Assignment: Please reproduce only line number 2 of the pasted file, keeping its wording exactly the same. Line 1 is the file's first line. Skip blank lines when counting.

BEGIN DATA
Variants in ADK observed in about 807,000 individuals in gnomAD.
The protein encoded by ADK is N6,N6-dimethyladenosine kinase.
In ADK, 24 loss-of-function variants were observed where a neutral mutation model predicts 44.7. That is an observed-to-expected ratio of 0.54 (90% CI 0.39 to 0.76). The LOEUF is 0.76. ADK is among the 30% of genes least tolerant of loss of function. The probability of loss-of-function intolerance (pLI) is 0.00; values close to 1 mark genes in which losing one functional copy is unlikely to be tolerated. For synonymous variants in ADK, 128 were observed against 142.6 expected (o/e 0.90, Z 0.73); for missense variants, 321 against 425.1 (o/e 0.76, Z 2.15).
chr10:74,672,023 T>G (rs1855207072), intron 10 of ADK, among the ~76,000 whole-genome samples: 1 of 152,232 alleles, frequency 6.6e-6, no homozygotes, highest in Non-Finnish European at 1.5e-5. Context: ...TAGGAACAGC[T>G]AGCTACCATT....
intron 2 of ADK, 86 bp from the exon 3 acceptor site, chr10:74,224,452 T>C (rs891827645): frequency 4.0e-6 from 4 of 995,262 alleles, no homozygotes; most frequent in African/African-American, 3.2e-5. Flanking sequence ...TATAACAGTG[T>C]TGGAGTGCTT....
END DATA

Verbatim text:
The protein encoded by ADK is N6,N6-dimethyladenosine kinase.